Dear leaders, the common goal of your organisation is not as common as you think it is. And this is an ongoing problem.
Imagine you have been asked to participate in a brand new virtual reality gaming experience. At the start of the game you are introduced to the game storyline, your character, your attributes, support characters in the game, and ultimately your team’s mission. At the end of the mission you are promised a reward.
You start the game and all goes well. You and your team managed to do everything right and complete the mission. However, you are told the game is not over. You are told that to complete the game, you need to complete another mission. And yes, you get another reward.
Because you completed the first mission rather easily, you feel motivated that you can complete the next mission as well. You find that the next mission is more challenging, but after more effort and time, again you manage to complete the mission. Congratulations! You get another reward! You’re done with the game! (Or so you think).
As it turns out, again you are asked to complete another mission before you can exit the game. By now you are getting frustrated and may be wondering…”when is this going to end?”, or “what am I even doing actually?”, and maybe “what am I even doing this for?”.
Chances are, you may be struggling to remember the storyline for clues to your predicament, but due to the excitement, you barely paid attention and there seems to be no way to review the storyline.
Ok. You can stop imagining things now. The scenario I just shared has nothing to do with life as we know it. Or does it?
Actually, if you think about it, this scenario does seem familiar to work. You get a position in a company. During the on-boarding you are introduced to the company’s vision, mission, and values. You are brought up to speed on your role, what you are expected to deliver and how, and you are also introduced to your team. Your team is then given certain Key Performance Indicators to achieve together. You are told that if you achieve your KPIs, you get a salary/commission etc.
Earlier on, it seems doable and you strive to get things done. 2-3 months pass by and your team manages to achieve the given KPI! Congratulations! You and your team get their salaries/commissions.
But then after that you are told there’s more KPI to complete if you want to continue getting rewarded. Because you managed to achieve the previous month’s targets, you and your team feel motivated to achieve more. So you and your team strive to get more things done. Similar to the virtual reality gaming experience, the next set of KPI are more challenging. But through more effort and time, you and your team managed to achieve the given KPI. Congratulations again! You get rewarded yet again!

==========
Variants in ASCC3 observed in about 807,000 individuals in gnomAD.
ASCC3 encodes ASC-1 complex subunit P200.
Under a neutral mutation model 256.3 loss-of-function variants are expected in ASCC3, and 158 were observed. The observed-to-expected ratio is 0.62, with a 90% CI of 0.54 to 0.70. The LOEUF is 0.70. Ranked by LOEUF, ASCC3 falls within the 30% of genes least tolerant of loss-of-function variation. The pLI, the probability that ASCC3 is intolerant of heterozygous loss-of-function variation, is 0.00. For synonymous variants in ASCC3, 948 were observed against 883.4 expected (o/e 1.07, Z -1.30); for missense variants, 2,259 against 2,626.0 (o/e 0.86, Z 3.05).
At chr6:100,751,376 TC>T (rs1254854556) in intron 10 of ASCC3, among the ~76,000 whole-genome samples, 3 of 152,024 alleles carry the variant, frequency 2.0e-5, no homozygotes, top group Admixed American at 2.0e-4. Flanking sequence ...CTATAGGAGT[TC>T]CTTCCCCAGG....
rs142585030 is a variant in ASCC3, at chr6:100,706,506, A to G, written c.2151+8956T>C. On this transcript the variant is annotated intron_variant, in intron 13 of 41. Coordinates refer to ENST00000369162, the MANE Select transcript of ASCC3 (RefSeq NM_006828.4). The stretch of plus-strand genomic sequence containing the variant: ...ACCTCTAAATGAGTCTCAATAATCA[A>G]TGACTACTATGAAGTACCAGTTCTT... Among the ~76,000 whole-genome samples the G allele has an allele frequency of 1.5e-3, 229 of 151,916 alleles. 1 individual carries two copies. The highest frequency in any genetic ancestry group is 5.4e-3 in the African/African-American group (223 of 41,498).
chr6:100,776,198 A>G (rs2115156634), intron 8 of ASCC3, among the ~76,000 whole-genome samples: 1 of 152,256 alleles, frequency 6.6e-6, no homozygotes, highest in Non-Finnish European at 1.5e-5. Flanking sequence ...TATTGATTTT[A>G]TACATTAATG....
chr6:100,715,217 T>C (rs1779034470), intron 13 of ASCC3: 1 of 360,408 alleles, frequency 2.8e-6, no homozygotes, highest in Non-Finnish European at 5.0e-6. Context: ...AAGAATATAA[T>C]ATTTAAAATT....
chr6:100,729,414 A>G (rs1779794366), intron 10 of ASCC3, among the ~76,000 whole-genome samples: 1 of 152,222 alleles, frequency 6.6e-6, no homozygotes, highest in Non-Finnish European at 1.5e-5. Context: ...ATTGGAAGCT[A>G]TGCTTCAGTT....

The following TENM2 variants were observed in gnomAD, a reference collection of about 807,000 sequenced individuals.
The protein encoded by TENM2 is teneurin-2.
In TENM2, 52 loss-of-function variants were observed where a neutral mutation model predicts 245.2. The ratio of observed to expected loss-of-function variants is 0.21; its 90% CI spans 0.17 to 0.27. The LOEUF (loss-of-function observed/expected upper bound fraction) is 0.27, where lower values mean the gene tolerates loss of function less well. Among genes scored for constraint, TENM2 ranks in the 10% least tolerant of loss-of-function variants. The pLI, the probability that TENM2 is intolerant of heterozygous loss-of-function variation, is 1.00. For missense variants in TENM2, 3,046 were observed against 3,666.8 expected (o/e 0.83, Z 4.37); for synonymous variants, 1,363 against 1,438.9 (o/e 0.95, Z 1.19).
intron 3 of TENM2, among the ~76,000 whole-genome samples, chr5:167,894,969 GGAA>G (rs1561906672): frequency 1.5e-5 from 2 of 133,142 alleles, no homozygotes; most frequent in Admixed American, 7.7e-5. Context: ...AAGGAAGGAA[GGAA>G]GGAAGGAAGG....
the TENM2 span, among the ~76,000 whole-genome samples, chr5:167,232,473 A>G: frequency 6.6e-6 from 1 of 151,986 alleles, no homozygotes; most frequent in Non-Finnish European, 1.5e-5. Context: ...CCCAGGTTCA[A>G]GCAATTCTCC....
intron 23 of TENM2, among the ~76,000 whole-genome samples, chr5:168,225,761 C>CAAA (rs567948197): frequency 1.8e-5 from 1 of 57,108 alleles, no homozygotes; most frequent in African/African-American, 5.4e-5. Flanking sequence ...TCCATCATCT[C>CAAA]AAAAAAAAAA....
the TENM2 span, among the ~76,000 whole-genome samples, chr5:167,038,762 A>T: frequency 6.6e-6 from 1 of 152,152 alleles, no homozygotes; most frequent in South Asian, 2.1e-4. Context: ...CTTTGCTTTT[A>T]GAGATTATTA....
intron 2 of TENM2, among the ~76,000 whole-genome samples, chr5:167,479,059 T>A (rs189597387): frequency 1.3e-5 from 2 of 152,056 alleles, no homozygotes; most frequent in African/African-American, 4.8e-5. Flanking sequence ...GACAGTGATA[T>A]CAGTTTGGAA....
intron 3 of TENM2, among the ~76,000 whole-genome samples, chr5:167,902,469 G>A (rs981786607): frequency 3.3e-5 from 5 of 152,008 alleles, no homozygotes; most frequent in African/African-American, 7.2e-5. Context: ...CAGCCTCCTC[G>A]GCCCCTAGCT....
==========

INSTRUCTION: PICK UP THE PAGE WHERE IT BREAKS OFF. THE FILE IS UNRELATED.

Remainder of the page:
However, yet again, you are told there are more KPI to achieve before you can continue. By now you and your team are wondering, “when is this going to end?”, “what are we doing actually?”. And similarly, you and your team are wondering what the company’s vision and mission are. The only difference is, here you can review them easily. But even so, you don’t seem to understand it or relate to it because you don’t see how the work you have been doing is connected to the vision and mission. And you especially don’t see how this benefits you in the long run.
Now this may be an exaggeration of corporate work life. However, through our interactions with thousands of participants over the years, it is not too far-fetched. Employees often feel they are constantly pushed to do more but not knowing why. They share that they do manage to achieve a lot every quarter/year but they keep getting bigger and badder challenges without seeing an end in sight.
According to Gallup, up to 85% of the employee workforce are disengaged. Although there are many reasons for employee disengagement, most resources highlight a lack of purpose and sense of belonging as a major factor. We at D Jungle People know this for a fact because we often get corporate leaders lamenting how their people are not motivated, productivity is low, turnover is high etc. At the same time, we get access to the so-called people that the corporate leaders are lamenting about and we see the connection between the two.